Visiting Robben Island


A visit to Robben Island is like taking a step back in time. It starts at the Nelson Mandela Gateway which is the departure point on the Cape Town side. While you prepare to board the ferry you pass massive information boards covering the history of the island. The story begins hundreds of years ago when the first settlers landed on Robben Island – it’s a fascinating insight into early Cape life. The highlight, of course, is the story of Nelson Mandela – he made this island famous. Because of him, you want to see it.

About a week before your planned excursion, check the wind and the weather and then book your ticket on line. Print your ticket and take it with you. The Nelson Mandela Gateway is next to the Clock Tower at the V & A Waterfront. Get there a little early as you’ll find the museum a wealth of information about Madiba and South African history. The entrance to the ferry is on the lower level. That’s where you have your ticket scanned before going through a security check point and onto the departure quay.

Once the ferry departs, you’ll really get into the African swing of things with traditional music playing. For visitors it’s an insight into part of the music culture of Cape Town. For locals, it makes you feel very patriotic! As you move towards the island, the view of Table Mountain is spectacular.

After being welcomed to the island you are directed to a bus which is parked a short walk away. Just bear in mind that where you are walking was where Nelson Mandela walked. Don’t expect a high quality modern bus. You are on an island though, so the sea breeze makes up the lack of air-conditioning.

The tour guides are knowledgeable and interesting. They will explain Robben Island’s background and tell many anecdotes contained in the islands long history.

The bus tour round island (which is 14km long) is about 45 minutes. With limited water, the island is very dry and barren. There are many historic buildings, including schools and churches. One church is open to weddings on Valentine’s Day each year. The cost is minimal so many couples get married on Robben Island each February.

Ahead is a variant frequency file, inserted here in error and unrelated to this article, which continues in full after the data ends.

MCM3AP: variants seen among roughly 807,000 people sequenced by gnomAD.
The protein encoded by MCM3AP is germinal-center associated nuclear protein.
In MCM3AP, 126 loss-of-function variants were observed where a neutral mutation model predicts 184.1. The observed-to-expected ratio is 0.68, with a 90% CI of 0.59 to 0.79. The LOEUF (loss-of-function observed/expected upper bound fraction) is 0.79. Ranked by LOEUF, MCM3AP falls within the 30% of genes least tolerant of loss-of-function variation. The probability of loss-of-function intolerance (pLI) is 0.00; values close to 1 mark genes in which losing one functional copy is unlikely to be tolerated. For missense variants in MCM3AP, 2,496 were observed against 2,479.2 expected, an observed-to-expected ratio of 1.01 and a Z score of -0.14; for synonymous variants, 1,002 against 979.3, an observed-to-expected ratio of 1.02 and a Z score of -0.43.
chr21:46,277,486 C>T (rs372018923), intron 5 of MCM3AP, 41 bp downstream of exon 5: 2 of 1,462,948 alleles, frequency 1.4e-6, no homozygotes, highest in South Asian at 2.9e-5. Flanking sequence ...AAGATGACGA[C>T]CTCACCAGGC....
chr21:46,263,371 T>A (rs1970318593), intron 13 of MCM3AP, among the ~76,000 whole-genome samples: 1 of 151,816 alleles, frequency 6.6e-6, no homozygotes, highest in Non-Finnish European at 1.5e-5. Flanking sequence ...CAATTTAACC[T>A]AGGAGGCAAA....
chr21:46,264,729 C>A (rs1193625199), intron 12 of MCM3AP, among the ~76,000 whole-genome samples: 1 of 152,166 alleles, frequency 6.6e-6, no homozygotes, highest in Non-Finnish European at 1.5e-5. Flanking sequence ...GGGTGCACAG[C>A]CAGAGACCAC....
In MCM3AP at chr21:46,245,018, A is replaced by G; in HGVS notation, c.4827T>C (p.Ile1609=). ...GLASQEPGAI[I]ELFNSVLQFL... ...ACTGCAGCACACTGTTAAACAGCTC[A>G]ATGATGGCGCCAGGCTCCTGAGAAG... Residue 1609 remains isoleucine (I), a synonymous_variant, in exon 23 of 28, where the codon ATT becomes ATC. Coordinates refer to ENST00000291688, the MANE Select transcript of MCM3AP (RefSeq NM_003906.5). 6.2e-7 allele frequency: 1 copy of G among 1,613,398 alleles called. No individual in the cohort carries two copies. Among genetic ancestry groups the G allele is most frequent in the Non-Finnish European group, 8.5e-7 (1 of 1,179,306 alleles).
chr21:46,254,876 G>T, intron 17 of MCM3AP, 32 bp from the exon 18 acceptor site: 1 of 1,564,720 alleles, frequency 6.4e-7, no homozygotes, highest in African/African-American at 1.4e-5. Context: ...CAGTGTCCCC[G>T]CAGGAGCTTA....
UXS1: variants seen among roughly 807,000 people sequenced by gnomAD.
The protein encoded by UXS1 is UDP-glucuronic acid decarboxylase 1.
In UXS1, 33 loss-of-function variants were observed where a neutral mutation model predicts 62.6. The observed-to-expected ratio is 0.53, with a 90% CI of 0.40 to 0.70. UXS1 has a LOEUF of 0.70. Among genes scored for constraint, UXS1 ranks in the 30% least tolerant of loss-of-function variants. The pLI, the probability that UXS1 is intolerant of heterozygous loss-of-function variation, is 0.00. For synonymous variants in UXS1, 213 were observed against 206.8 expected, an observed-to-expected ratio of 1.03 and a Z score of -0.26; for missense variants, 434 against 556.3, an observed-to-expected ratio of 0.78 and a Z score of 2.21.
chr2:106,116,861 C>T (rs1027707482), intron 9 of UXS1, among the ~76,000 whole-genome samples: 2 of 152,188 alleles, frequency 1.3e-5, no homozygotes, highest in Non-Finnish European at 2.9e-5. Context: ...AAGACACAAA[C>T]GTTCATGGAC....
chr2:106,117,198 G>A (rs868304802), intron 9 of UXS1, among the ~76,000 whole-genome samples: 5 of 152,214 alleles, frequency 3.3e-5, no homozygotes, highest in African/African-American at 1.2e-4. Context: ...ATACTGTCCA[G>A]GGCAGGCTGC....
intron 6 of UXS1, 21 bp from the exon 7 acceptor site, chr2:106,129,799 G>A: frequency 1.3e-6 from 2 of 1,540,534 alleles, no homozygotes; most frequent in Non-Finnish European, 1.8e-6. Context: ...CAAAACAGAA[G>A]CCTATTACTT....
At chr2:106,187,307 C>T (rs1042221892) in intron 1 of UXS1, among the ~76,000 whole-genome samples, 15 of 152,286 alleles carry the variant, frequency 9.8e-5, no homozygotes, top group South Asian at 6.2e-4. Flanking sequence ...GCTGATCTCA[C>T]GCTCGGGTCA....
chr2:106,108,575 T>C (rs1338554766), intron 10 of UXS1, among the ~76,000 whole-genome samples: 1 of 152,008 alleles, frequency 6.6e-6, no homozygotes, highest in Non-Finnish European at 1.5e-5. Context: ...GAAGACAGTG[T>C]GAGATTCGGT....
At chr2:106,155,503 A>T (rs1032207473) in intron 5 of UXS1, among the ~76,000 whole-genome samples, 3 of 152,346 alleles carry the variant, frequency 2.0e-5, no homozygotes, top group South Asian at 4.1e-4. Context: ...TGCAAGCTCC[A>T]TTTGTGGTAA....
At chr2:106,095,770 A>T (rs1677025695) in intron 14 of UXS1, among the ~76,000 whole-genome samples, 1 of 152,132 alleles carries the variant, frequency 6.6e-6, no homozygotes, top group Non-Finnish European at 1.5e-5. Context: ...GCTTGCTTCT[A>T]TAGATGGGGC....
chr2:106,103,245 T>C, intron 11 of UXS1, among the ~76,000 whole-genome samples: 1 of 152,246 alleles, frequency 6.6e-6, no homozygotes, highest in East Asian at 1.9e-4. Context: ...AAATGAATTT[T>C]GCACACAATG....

The original schoolhouse building will be pointed out. It reflects the architecture of a long-past era. One of the frequently asked questions is whether the school is still used as such. It is not. There are children who live on the island. They go to school in Cape Town, which is quite an interesting experience needing to catch the ferry to and from the mainland each day.

Half way through the tour, you will stop for a refreshment break and have an opportunity to admire the view of the mainland.

Hearing the sombre history of Nelson Mandela’s time on the island, leaves you with a deeper sense of respect of this mighty leader.

At the end of the bus tour, you are taken to the maximum security prison where an ex-political prisoner will show you around the prison and give you an idea of prison life. You are taken through a number of courtyards and dormitories and then are shown the prison cells. One of the highlights is being shown to Nelson Mandela’s cell. It is just one in a long corridor – a cell like all the others – a mat on the floor for sleeping – a small table, a toilet pot, a bowl for brushing teeth. It is the occupant that makes it stand out. Nelson Mandela’s cell number was 466/64. This is because he was the 466th prisoner to be taken to Robben Island in 1964.

This is where Nelson Mandela spent 18 of the 27 years of his incarceration.

Don’t miss a visit to Robben Island. You’ll find it memorable, sobering and humbling.

http://www.robben-island.org.za/